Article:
Flying With High Blood Pressure: Is It Safe?

Eli Ben-Yehuda

Written by Eli Ben-Yehuda

On July 18, 2019

You may be racking up air miles, but flying with high blood pressure could prove fatal.

More than 75 million Americans are being treated for high blood pressure, according to the American Heart Association. According to The Bureau of Transportation Statistics 195 million people are flying domestically. So it is no surprise that many people who are diagnosed with high blood pressure are flying. Yet there are certain risks when flying with high blood pressure. But knowing methods to assist you during the flight can mitigate many potential problems.

Hypertension symptoms can become aggravated at high altitudes. The Pulmonary Hypertension Association states that, “Worsening of conditions such as hypoxia or lack of oxygen in the bloodstream can occur at high altitudes.” So an individual with high blood pressure may experience less oxygen in their bloodstream.

Individuals may suffer symptoms such as shortness of breath, or blood clots in their lower extremities on flights longer than 2 hours. These individuals also might experience swelling and bloating from retaining fluid. In some cases retention of fluid can lead to kidney damage.

People flying can avoid hypoxia by standing and moving around the plane every two hours when permitted and staying away from salty snacks, since salt causes swelling and fluid retention and increases blood pressure.

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USA Today recommends taking an ice pack along to relieve the pain and swelling during the flight; to sit so that the blood can circulate and not to cross one’s legs. Also, people should flex their limbs periodically during the flight. According to the Mayo Clinic, avoiding alcohol and sedatives also alleviate pain and swelling.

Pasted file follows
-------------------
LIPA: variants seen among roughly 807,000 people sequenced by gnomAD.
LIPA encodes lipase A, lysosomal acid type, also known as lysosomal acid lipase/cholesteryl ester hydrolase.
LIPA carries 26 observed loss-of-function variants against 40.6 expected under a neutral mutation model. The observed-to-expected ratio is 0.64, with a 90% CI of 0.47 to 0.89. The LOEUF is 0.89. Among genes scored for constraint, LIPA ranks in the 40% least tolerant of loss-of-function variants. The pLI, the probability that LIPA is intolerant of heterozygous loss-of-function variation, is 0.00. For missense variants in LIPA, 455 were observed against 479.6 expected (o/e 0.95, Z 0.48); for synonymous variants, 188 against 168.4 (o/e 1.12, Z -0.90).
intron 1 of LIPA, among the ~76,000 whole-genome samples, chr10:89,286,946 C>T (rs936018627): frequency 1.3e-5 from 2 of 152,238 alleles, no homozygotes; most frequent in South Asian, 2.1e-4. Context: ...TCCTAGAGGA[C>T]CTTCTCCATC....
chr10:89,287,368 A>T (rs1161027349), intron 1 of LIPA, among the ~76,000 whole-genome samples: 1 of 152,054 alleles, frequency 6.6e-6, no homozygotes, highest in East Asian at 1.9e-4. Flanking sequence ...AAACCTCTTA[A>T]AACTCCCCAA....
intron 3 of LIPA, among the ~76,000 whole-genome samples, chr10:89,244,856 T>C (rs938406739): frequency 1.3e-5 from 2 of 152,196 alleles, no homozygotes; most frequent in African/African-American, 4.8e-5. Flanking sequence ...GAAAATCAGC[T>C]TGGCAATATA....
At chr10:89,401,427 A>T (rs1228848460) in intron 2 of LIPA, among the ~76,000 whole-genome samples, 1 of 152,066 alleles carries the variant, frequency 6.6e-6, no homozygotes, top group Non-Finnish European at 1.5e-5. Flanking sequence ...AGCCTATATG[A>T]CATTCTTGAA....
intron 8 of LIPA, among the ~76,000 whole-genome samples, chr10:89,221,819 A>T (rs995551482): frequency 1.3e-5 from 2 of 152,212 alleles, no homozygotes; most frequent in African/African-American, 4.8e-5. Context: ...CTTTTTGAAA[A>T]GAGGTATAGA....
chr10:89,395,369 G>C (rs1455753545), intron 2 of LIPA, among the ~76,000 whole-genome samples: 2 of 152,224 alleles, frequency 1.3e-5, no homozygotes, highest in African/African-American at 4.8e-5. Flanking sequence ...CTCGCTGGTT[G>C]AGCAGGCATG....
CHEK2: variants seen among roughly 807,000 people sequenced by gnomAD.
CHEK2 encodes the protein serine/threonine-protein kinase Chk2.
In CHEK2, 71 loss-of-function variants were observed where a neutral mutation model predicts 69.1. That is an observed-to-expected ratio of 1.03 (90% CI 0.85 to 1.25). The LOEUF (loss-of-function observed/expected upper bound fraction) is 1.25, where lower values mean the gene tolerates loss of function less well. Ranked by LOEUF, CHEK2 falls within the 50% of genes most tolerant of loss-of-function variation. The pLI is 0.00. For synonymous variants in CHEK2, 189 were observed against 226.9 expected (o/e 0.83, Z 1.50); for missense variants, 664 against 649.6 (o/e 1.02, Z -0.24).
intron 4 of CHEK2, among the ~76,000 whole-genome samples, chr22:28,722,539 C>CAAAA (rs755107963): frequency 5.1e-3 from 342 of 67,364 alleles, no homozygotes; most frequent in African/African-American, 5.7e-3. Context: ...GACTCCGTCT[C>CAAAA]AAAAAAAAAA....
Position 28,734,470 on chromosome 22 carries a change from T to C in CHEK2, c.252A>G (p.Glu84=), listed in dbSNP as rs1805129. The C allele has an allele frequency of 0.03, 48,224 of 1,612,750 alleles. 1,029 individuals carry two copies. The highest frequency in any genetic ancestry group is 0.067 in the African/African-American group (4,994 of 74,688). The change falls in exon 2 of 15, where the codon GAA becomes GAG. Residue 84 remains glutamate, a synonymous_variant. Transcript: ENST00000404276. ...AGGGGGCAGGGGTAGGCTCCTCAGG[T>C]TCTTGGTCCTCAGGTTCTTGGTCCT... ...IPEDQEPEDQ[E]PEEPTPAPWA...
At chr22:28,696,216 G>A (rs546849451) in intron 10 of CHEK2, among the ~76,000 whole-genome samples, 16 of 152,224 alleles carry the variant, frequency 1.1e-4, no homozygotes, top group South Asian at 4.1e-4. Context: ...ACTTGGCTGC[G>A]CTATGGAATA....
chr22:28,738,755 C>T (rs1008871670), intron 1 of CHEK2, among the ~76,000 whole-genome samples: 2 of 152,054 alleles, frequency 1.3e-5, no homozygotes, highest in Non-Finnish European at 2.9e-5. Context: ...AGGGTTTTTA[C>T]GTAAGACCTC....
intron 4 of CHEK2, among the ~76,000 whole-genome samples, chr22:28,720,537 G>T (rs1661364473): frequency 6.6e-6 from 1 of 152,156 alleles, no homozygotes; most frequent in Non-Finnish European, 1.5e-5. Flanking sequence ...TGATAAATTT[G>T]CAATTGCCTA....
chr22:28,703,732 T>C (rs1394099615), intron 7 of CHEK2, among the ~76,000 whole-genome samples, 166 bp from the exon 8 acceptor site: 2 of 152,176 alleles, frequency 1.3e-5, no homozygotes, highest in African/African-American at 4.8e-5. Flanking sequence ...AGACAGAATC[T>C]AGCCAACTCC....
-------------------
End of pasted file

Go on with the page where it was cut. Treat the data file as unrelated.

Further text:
What are we supposed to do? I for one love to travel outside the country and my flights are much longer than 2 hours. I don’t want to stay home when I want to fly to Rome.

Safety Tips When Flying.
  • Don’t Just Sit: As you are allowed by the flight attendants, every 2 hours get up and move about the aircraft and stand for a little while. Moving about will reduce the risk of clots.
  • Eat Smart: Stay away from salty snacks and food. Salt will increase fluid retention increasing your blood pressure and risks.
  • Ice It: If possible take along an ice-pack to relieve swelling in your extremities.
  • Avoid Alcohol & Sedatives: According to the Mayo Clinic avoiding these 2 items will decrease your pain and swelling.
  • See Your Doctor: Before flying check in with your physician, he or she may want to make some changes before you fly, or make recommendations for supplemental oxygen therapy before the flight.

As with anything in life be safe and smart. None of us wants to start our vacation in a foreign country by being greeted by an ambulance crew. Ensure you are well rested, adequately hydrated, and if necessary pack your own food for the flight.

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